On 5th January 2021, in Danish Khan v. State (Govt. of NCT of Delhi) (‘Danish Khan’), the Delhi High Court granted anticipatory bail to the Applicant, who was accused of raping a woman belonging to a Scheduled Caste. Beyond the factual matrix of the case, Danish Khan raises several issues in our caste jurisprudence. In this article I first argue that the High Court erred in granting anticipatory bail, and second, discuss the need to revisit Section 3(1)(r) of the Scheduled Castes and Scheduled Tribes (Prevention of Atrocities) Act, 1989 (‘SC/ST Act or the Act’). At the outset, it is important to point out that the High Court was approached only for the grant of anticipatory bail, and not to decide the matter substantively. The critique provided in this article is of the legacy the case creates rather than focusing on its particular facts.
In Danish Khan, the Complainant alleged that the Applicant had assaulted her, and subsequently induced her to have sexual intercourse with him on the promise of marriage. It is contended that on the basis of this promise, which was allegedly false from the inception, the Applicant and the Complainant were physically intimate. However, eventually the Applicant refused to marry the Complainant, citing her caste status as the reason for his refusal. According to the Complainant’s statement recorded under Section 164 of the Code of Criminal Procedure, 1973 (‘CRPC’), he also hurled casteist abuses, and stated that he would only accept her as a ‘second wife’, as a favour to her.
The Court decided in favour of the Applicant, holding that no offence was committed under the SC/ST Act, since the Applicant’s actions were (a) not ‘impelled by the consideration that the victim was a member of a Scheduled Caste or Scheduled Tribe’ and (b) the caste slurs were not hurled ‘within public view’.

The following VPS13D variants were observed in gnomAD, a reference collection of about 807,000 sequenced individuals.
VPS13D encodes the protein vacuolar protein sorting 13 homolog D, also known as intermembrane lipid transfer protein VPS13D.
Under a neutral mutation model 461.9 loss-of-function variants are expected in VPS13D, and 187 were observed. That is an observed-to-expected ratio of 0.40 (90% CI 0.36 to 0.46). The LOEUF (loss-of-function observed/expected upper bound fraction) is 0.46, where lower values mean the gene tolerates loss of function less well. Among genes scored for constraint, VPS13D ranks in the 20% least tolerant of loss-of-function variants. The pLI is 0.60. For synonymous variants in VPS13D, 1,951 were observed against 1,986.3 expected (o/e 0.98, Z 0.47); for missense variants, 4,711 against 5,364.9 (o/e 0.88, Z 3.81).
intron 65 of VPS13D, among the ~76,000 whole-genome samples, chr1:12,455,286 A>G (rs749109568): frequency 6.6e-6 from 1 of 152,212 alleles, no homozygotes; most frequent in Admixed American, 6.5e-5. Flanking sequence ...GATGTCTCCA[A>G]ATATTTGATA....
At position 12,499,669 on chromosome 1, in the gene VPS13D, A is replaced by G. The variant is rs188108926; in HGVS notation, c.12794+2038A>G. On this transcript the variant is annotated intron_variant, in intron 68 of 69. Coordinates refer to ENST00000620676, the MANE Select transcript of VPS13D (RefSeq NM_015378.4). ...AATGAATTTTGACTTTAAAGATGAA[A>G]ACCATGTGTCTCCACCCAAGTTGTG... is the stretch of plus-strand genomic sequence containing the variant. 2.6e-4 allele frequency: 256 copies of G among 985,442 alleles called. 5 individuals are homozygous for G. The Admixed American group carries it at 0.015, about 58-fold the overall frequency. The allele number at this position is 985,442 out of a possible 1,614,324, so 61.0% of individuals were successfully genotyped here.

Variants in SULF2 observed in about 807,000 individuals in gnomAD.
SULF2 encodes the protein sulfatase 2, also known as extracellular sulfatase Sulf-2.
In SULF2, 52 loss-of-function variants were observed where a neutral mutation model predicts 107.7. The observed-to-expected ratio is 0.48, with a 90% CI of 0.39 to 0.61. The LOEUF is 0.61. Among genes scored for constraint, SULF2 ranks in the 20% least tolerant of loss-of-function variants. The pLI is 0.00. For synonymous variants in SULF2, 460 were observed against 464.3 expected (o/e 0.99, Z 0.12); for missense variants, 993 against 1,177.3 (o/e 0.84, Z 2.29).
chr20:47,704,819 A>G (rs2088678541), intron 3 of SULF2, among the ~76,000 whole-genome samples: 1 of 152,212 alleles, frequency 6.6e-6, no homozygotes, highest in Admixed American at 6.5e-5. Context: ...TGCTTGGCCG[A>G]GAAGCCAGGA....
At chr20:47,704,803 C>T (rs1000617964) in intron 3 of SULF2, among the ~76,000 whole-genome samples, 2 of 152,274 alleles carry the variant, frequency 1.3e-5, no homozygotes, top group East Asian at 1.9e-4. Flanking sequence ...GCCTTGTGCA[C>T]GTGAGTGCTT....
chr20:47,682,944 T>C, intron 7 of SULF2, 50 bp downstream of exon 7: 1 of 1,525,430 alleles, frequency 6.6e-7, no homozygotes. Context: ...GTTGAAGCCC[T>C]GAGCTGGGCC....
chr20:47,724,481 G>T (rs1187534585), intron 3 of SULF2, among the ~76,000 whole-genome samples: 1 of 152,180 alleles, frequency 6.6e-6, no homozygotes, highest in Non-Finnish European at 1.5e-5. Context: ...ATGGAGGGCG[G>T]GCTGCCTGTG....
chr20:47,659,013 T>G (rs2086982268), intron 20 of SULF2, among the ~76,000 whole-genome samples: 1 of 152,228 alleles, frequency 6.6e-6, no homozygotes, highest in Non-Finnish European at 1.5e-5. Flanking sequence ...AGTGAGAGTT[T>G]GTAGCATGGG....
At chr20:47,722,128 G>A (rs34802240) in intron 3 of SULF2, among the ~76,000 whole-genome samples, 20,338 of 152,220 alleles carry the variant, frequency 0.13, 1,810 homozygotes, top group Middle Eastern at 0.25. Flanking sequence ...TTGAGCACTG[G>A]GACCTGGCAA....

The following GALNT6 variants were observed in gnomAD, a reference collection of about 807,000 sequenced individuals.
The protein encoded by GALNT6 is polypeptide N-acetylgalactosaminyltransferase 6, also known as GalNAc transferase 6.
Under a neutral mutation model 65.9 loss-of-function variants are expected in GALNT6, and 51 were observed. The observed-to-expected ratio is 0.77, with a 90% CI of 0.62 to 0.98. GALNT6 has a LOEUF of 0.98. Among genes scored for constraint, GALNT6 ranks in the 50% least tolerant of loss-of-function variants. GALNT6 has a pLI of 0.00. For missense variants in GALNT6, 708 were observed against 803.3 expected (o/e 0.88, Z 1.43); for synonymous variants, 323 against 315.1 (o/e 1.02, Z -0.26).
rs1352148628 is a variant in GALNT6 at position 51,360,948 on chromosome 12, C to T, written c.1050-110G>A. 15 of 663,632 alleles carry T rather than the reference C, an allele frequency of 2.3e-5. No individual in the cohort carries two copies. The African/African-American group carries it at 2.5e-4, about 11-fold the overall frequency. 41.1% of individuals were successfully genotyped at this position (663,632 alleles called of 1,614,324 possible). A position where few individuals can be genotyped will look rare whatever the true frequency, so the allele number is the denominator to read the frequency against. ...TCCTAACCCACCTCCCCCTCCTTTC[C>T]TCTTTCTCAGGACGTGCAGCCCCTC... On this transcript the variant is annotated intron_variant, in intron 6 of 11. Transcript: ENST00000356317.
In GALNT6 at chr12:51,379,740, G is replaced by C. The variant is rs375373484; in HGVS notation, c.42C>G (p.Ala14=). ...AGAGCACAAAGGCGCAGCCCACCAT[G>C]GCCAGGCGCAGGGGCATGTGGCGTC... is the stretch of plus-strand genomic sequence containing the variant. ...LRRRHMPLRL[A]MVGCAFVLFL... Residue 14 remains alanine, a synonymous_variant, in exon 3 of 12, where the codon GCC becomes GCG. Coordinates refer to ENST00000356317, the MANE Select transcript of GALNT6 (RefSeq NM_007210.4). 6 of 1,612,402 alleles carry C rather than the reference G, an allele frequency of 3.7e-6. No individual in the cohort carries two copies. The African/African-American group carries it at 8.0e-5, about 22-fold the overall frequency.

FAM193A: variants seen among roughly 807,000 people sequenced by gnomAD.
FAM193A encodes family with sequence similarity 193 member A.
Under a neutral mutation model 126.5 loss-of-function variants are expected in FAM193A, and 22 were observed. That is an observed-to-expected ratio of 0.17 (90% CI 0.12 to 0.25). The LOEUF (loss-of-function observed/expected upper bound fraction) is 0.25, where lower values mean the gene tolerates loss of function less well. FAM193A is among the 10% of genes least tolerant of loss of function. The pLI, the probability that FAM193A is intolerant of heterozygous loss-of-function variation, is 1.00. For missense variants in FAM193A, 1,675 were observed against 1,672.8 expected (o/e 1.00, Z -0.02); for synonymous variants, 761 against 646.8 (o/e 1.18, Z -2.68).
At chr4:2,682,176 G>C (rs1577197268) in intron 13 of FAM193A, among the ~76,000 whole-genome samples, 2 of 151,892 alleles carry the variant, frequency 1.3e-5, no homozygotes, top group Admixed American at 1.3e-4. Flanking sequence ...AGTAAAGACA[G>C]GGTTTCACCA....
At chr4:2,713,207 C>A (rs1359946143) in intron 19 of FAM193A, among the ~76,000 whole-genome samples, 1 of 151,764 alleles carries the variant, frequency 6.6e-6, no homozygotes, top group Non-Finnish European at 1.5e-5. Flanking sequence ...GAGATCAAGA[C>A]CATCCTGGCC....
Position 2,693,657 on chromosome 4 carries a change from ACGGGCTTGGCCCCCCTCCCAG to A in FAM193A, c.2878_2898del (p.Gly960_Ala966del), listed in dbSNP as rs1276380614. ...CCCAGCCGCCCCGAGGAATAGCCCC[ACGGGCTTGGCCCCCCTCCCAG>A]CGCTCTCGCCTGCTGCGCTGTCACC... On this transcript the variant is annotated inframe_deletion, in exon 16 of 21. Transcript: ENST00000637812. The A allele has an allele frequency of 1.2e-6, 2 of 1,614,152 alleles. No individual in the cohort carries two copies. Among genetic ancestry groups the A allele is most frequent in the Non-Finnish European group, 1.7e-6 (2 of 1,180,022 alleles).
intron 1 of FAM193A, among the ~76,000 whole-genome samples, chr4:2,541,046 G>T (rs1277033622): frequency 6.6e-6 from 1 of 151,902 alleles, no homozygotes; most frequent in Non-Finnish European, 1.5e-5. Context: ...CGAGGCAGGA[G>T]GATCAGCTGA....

Caste, identity and the SC/ST Act
The SC/ST Act is a special legislation aimed at tackling caste-based violence in India. It has been amended periodically, and the 2015 Amendment specifically strengthened its provisions to make them more effective against caste atrocities. The 2015 Amendment altered the wording of Section 3(2)(v) which provided for criminal liability in case of an offence committed under the Indian Penal Code, 1860 (‘IPC’), against a person belonging to a Scheduled Caste or Scheduled Tribe, which was punishable with imprisonment up to ten years or more. With the 2015 Amendment, the wording of Section 3(2)(v) changed from “on the ground that such person is a member of a Scheduled Caste or a Scheduled Tribe…” to “knowing that such person is a member of a Scheduled Caste or a Scheduled Tribe…”. In other words, since 2016, it does not matter if the motive for the offence was not solely the caste status of the victim. It does not matter if the victim happens to belong to a Scheduled Caste or Scheduled Tribe. What is crucial, is that the offender knew the victim’s caste status, and proceeded to commit an offence punishable for ten years or more, under the IPC.
In fact, the intent of the legislature was further clarified in the 2018 Amendment which was passed after the Supreme Court’s decision in Dr. Subhash Kashinath Mahajan v. State of Maharashtra (‘Dr. Subhash’). In Dr. Subhash, the Court diluted Section 18 of the SC/ST Act (which effectively prohibited the grant of anticipatory bail) while observing that where no prima facie case existed against the accused and where the allegation was mala fide, Section 18 would not apply. The Court reasoned that the purpose of prohibiting anticipatory bail is to ensure victims of the crime are not terrorized by the accused, however, innocent persons against whom there is no prima facie case could not be subjected to the same treatment. However, the 2018 Amendment passed after the decision in Dr. Subhash, quite plainly provided that anticipatory bail could not be granted for offences committed under the SC/ST Act, “notwithstanding any judgment or order or direction of any Court”. In 2019, the Supreme Court itself recalled its order in Dr. Subhash, observing that historically disadvantaged groups must be given special protections, and that Dr. Subhash encroached upon the field reserved for the legislature.